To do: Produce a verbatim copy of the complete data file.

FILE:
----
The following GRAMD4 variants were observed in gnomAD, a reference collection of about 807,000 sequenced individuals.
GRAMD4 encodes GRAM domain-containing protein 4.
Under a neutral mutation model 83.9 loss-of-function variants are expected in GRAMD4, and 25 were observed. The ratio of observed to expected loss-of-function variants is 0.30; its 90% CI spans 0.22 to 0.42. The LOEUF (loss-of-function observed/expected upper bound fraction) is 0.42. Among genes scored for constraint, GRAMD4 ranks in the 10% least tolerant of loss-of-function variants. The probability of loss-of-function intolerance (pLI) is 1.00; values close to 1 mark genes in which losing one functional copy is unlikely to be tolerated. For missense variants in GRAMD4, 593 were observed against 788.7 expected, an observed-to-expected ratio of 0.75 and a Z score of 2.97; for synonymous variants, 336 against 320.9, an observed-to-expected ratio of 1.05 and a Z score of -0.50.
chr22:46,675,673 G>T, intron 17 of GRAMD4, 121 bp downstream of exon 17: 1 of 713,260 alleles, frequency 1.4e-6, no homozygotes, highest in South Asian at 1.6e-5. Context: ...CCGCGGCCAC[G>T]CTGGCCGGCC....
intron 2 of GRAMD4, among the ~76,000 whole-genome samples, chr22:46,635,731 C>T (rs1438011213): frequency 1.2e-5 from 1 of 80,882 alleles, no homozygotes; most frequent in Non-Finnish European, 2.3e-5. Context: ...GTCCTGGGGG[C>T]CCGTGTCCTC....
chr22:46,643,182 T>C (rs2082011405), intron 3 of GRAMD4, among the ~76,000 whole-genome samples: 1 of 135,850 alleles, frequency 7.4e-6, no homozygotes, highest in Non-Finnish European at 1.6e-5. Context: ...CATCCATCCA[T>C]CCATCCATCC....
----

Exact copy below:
The following GRAMD4 variants were observed in gnomAD, a reference collection of about 807,000 sequenced individuals.
GRAMD4 encodes GRAM domain-containing protein 4.
Under a neutral mutation model 83.9 loss-of-function variants are expected in GRAMD4, and 25 were observed. The ratio of observed to expected loss-of-function variants is 0.30; its 90% CI spans 0.22 to 0.42. The LOEUF (loss-of-function observed/expected upper bound fraction) is 0.42. Among genes scored for constraint, GRAMD4 ranks in the 10% least tolerant of loss-of-function variants. The probability of loss-of-function intolerance (pLI) is 1.00; values close to 1 mark genes in which losing one functional copy is unlikely to be tolerated. For missense variants in GRAMD4, 593 were observed against 788.7 expected, an observed-to-expected ratio of 0.75 and a Z score of 2.97; for synonymous variants, 336 against 320.9, an observed-to-expected ratio of 1.05 and a Z score of -0.50.
chr22:46,675,673 G>T, intron 17 of GRAMD4, 121 bp downstream of exon 17: 1 of 713,260 alleles, frequency 1.4e-6, no homozygotes, highest in South Asian at 1.6e-5. Context: ...CCGCGGCCAC[G>T]CTGGCCGGCC....
intron 2 of GRAMD4, among the ~76,000 whole-genome samples, chr22:46,635,731 C>T (rs1438011213): frequency 1.2e-5 from 1 of 80,882 alleles, no homozygotes; most frequent in Non-Finnish European, 2.3e-5. Context: ...GTCCTGGGGG[C>T]CCGTGTCCTC....
chr22:46,643,182 T>C (rs2082011405), intron 3 of GRAMD4, among the ~76,000 whole-genome samples: 1 of 135,850 alleles, frequency 7.4e-6, no homozygotes, highest in Non-Finnish European at 1.6e-5. Context: ...CATCCATCCA[T>C]CCATCCATCC....